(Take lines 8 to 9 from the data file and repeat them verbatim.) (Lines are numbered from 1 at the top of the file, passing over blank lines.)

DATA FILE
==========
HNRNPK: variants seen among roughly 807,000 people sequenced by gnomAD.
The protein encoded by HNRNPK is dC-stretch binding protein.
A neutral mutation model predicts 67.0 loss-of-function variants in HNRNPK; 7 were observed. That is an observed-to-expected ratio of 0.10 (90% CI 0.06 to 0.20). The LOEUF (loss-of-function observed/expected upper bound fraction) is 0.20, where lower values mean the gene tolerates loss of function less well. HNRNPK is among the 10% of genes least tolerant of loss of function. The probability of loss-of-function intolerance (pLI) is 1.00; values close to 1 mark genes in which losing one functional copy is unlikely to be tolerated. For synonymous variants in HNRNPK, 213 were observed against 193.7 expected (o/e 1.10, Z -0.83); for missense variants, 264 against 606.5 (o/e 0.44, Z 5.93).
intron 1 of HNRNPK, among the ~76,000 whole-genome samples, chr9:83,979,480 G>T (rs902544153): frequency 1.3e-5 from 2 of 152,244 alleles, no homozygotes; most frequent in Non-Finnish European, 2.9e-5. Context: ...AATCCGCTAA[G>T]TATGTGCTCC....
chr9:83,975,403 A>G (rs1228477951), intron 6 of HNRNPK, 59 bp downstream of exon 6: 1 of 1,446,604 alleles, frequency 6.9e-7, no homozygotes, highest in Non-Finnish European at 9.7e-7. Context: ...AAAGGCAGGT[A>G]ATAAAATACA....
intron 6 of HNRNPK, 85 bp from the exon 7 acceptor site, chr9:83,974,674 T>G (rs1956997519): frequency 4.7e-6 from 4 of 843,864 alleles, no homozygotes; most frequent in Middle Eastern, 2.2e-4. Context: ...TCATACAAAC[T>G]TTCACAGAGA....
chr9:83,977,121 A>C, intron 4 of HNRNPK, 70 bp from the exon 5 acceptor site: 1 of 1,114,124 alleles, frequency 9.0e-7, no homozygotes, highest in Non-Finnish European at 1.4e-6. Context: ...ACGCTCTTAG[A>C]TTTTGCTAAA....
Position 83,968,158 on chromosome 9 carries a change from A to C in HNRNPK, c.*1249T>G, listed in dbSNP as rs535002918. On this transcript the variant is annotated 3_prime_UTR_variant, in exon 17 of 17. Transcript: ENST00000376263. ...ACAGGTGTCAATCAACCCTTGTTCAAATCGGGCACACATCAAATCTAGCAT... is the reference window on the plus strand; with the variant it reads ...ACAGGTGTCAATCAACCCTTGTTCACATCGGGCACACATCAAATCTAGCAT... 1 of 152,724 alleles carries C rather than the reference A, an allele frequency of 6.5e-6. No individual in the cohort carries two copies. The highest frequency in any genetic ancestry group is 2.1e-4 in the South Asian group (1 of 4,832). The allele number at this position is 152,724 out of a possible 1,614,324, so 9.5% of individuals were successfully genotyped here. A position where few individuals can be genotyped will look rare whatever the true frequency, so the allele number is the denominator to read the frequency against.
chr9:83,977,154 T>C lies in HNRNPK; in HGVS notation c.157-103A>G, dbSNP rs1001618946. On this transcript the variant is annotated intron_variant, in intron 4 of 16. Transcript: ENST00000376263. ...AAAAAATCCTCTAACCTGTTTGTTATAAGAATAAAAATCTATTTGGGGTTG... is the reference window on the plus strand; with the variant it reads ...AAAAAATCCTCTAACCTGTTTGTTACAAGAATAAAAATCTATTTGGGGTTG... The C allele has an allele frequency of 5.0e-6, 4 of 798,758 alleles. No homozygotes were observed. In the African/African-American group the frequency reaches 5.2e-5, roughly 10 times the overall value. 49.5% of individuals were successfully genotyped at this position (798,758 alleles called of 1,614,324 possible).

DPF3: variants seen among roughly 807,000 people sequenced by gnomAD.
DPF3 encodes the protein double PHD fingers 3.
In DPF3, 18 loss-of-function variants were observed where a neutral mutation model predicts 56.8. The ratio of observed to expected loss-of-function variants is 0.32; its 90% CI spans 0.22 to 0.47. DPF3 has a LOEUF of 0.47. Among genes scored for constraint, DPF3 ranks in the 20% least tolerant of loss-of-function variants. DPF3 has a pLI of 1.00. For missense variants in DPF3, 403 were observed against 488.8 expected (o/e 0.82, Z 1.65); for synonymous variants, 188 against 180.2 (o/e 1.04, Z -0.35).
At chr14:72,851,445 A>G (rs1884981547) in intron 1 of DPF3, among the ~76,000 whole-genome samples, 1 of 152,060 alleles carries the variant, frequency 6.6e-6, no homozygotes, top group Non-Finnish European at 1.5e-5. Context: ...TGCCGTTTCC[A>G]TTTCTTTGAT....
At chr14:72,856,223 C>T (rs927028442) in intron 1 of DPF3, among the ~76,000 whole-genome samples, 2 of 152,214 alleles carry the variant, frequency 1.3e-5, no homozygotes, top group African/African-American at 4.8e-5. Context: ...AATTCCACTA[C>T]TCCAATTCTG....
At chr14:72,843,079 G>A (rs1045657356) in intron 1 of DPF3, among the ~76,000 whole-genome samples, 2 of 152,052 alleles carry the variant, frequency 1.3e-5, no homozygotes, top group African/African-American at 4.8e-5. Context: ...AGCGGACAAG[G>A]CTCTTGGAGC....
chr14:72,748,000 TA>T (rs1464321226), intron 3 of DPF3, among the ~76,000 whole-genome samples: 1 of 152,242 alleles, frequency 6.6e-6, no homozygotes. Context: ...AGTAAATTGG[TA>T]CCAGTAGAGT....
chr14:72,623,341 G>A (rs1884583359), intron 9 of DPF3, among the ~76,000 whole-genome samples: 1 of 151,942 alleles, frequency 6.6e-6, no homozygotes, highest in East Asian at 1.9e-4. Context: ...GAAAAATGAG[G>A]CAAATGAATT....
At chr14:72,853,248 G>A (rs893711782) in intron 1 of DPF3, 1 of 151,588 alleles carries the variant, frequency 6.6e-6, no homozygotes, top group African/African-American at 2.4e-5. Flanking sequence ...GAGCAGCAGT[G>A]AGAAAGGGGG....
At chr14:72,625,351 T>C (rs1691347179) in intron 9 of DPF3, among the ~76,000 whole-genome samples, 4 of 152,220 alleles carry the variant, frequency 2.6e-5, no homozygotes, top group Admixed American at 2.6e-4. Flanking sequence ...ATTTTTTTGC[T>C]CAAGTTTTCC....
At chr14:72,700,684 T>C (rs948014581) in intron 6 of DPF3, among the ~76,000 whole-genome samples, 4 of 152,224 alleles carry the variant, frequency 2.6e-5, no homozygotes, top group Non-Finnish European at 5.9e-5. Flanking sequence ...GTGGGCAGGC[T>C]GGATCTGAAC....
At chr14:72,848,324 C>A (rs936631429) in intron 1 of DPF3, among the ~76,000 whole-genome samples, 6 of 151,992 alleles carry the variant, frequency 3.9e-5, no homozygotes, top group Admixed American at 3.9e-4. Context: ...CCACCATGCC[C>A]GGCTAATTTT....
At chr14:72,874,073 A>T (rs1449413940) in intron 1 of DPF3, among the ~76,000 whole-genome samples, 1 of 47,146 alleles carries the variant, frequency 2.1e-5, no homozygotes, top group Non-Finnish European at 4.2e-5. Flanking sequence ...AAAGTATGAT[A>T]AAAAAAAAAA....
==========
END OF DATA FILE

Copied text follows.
Position 83,968,158 on chromosome 9 carries a change from A to C in HNRNPK, c.*1249T>G, listed in dbSNP as rs535002918. On this transcript the variant is annotated 3_prime_UTR_variant, in exon 17 of 17. Transcript: ENST00000376263. ...ACAGGTGTCAATCAACCCTTGTTCAAATCGGGCACACATCAAATCTAGCAT... is the reference window on the plus strand; with the variant it reads ...ACAGGTGTCAATCAACCCTTGTTCACATCGGGCACACATCAAATCTAGCAT... 1 of 152,724 alleles carries C rather than the reference A, an allele frequency of 6.5e-6. No individual in the cohort carries two copies. The highest frequency in any genetic ancestry group is 2.1e-4 in the South Asian group (1 of 4,832). The allele number at this position is 152,724 out of a possible 1,614,324, so 9.5% of individuals were successfully genotyped here. A position where few individuals can be genotyped will look rare whatever the true frequency, so the allele number is the denominator to read the frequency against.
chr9:83,977,154 T>C lies in HNRNPK; in HGVS notation c.157-103A>G, dbSNP rs1001618946. On this transcript the variant is annotated intron_variant, in intron 4 of 16. Transcript: ENST00000376263. ...AAAAAATCCTCTAACCTGTTTGTTATAAGAATAAAAATCTATTTGGGGTTG... is the reference window on the plus strand; with the variant it reads ...AAAAAATCCTCTAACCTGTTTGTTACAAGAATAAAAATCTATTTGGGGTTG... The C allele has an allele frequency of 5.0e-6, 4 of 798,758 alleles. No homozygotes were observed. In the African/African-American group the frequency reaches 5.2e-5, roughly 10 times the overall value. 49.5% of individuals were successfully genotyped at this position (798,758 alleles called of 1,614,324 possible).